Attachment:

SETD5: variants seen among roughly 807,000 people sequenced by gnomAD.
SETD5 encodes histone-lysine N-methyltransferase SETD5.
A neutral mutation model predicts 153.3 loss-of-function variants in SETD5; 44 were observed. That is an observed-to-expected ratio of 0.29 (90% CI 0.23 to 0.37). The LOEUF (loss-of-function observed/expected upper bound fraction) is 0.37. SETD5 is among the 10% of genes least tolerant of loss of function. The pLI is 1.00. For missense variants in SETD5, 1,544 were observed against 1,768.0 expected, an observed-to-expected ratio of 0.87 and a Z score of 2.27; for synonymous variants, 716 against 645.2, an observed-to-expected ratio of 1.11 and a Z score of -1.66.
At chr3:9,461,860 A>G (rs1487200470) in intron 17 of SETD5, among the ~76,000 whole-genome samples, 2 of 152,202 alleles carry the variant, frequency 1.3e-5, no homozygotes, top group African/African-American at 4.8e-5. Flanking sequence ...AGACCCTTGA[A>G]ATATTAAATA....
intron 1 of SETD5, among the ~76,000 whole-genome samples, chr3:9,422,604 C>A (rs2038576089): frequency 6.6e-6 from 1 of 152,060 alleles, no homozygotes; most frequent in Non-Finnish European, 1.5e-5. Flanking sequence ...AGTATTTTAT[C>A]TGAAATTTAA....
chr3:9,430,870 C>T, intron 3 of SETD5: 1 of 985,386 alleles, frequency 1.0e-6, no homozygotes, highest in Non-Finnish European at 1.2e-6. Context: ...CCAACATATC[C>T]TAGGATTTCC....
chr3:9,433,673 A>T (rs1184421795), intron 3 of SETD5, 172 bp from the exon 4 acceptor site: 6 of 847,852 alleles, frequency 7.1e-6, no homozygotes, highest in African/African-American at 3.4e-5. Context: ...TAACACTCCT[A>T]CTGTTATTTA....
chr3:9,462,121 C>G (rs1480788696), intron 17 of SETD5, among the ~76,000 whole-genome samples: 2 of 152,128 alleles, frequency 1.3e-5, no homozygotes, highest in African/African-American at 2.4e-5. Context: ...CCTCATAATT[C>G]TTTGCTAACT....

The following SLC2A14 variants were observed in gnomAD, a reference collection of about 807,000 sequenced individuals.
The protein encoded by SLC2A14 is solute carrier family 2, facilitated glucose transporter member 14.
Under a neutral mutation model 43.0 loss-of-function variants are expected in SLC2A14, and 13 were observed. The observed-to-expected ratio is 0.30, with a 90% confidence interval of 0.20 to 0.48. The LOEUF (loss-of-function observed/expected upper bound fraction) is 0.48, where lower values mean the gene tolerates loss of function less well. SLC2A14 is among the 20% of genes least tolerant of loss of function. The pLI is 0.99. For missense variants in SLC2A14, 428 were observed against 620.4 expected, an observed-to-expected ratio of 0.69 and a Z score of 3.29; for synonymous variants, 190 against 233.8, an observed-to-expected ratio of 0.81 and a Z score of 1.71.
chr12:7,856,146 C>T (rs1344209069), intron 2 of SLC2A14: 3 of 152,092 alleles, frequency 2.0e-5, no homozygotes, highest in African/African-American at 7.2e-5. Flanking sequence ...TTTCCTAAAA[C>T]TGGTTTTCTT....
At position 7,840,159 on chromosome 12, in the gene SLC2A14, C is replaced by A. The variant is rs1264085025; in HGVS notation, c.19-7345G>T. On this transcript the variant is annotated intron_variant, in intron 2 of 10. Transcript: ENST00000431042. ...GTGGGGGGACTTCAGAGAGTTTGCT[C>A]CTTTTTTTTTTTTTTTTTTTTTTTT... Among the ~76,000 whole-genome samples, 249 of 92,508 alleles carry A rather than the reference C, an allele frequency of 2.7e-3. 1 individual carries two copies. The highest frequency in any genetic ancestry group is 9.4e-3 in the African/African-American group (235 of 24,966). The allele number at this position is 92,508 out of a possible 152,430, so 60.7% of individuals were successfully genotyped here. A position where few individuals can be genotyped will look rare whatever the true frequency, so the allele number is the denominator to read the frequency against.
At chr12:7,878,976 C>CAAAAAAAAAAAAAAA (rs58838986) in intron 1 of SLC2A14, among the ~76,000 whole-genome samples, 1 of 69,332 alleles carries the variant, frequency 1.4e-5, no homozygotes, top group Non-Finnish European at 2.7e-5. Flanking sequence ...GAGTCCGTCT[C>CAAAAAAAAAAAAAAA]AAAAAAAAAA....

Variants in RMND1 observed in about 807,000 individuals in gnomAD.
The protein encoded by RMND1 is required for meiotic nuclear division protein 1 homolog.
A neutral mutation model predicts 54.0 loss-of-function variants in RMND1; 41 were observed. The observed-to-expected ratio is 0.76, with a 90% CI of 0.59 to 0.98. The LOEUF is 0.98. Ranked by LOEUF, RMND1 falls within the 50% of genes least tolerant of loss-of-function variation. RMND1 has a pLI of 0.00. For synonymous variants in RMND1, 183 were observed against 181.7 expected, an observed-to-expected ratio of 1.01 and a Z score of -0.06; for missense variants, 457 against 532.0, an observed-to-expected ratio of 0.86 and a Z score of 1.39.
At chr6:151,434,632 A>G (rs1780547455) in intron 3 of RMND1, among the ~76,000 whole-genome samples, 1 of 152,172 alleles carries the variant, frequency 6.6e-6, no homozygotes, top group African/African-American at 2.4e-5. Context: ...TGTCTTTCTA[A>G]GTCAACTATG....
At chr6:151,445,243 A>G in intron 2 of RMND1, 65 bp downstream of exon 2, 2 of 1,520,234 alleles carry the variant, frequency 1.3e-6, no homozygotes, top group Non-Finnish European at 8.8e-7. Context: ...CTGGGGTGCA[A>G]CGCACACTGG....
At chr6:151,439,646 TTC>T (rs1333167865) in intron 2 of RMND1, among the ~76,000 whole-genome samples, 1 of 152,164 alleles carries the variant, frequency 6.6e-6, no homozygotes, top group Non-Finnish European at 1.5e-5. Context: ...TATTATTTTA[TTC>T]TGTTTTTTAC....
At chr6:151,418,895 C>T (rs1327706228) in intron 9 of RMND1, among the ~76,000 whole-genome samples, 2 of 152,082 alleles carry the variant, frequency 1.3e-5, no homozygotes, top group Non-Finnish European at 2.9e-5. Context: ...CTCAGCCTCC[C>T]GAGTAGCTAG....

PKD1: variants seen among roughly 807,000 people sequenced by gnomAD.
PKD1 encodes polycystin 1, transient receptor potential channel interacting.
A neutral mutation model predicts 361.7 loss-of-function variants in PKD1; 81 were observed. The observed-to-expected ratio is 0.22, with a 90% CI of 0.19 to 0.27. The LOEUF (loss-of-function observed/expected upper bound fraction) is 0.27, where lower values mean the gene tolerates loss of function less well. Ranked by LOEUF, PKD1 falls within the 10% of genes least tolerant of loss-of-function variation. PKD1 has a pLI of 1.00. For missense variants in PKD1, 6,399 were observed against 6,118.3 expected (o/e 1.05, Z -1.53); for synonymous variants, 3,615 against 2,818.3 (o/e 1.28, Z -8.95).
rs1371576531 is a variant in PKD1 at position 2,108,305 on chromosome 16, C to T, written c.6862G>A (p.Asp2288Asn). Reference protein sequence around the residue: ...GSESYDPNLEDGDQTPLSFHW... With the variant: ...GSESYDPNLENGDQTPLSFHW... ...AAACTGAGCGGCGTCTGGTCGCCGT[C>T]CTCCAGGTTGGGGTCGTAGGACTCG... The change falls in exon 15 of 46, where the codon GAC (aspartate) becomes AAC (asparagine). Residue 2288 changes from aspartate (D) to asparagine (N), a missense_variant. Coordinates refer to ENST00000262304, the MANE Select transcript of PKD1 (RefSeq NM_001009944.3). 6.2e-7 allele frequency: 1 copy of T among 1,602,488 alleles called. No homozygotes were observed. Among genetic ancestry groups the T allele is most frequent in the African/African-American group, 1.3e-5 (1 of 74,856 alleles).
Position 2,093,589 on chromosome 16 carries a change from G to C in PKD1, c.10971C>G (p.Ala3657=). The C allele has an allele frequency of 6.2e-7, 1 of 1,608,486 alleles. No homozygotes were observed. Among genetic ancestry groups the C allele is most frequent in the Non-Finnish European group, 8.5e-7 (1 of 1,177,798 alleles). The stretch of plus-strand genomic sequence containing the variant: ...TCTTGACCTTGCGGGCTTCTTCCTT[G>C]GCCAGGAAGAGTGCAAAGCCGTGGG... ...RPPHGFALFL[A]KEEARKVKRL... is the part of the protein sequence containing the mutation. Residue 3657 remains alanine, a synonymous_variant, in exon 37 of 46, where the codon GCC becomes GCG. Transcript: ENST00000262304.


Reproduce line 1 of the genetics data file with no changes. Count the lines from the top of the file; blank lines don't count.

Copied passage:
SETD5: variants seen among roughly 807,000 people sequenced by gnomAD.